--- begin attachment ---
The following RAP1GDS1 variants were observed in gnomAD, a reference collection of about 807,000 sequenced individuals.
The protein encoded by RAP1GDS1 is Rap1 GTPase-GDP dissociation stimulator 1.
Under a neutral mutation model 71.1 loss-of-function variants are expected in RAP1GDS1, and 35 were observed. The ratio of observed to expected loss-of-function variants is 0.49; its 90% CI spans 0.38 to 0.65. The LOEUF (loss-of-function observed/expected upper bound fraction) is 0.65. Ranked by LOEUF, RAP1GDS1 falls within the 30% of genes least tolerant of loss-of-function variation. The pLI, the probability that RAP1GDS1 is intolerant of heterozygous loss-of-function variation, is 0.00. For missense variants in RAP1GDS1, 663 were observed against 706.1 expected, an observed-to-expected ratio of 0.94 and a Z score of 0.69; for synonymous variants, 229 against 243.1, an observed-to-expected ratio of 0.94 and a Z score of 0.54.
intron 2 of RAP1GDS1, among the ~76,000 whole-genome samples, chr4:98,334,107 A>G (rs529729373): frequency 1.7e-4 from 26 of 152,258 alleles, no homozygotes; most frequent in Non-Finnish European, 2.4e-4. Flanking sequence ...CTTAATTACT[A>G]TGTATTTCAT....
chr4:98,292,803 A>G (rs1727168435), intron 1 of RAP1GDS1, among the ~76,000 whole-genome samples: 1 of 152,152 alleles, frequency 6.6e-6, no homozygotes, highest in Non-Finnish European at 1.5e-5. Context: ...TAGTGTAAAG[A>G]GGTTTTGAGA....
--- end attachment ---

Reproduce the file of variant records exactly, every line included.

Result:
The following RAP1GDS1 variants were observed in gnomAD, a reference collection of about 807,000 sequenced individuals.
The protein encoded by RAP1GDS1 is Rap1 GTPase-GDP dissociation stimulator 1.
Under a neutral mutation model 71.1 loss-of-function variants are expected in RAP1GDS1, and 35 were observed. The ratio of observed to expected loss-of-function variants is 0.49; its 90% CI spans 0.38 to 0.65. The LOEUF (loss-of-function observed/expected upper bound fraction) is 0.65. Ranked by LOEUF, RAP1GDS1 falls within the 30% of genes least tolerant of loss-of-function variation. The pLI, the probability that RAP1GDS1 is intolerant of heterozygous loss-of-function variation, is 0.00. For missense variants in RAP1GDS1, 663 were observed against 706.1 expected, an observed-to-expected ratio of 0.94 and a Z score of 0.69; for synonymous variants, 229 against 243.1, an observed-to-expected ratio of 0.94 and a Z score of 0.54.
intron 2 of RAP1GDS1, among the ~76,000 whole-genome samples, chr4:98,334,107 A>G (rs529729373): frequency 1.7e-4 from 26 of 152,258 alleles, no homozygotes; most frequent in Non-Finnish European, 2.4e-4. Flanking sequence ...CTTAATTACT[A>G]TGTATTTCAT....
chr4:98,292,803 A>G (rs1727168435), intron 1 of RAP1GDS1, among the ~76,000 whole-genome samples: 1 of 152,152 alleles, frequency 6.6e-6, no homozygotes, highest in Non-Finnish European at 1.5e-5. Context: ...TAGTGTAAAG[A>G]GGTTTTGAGA....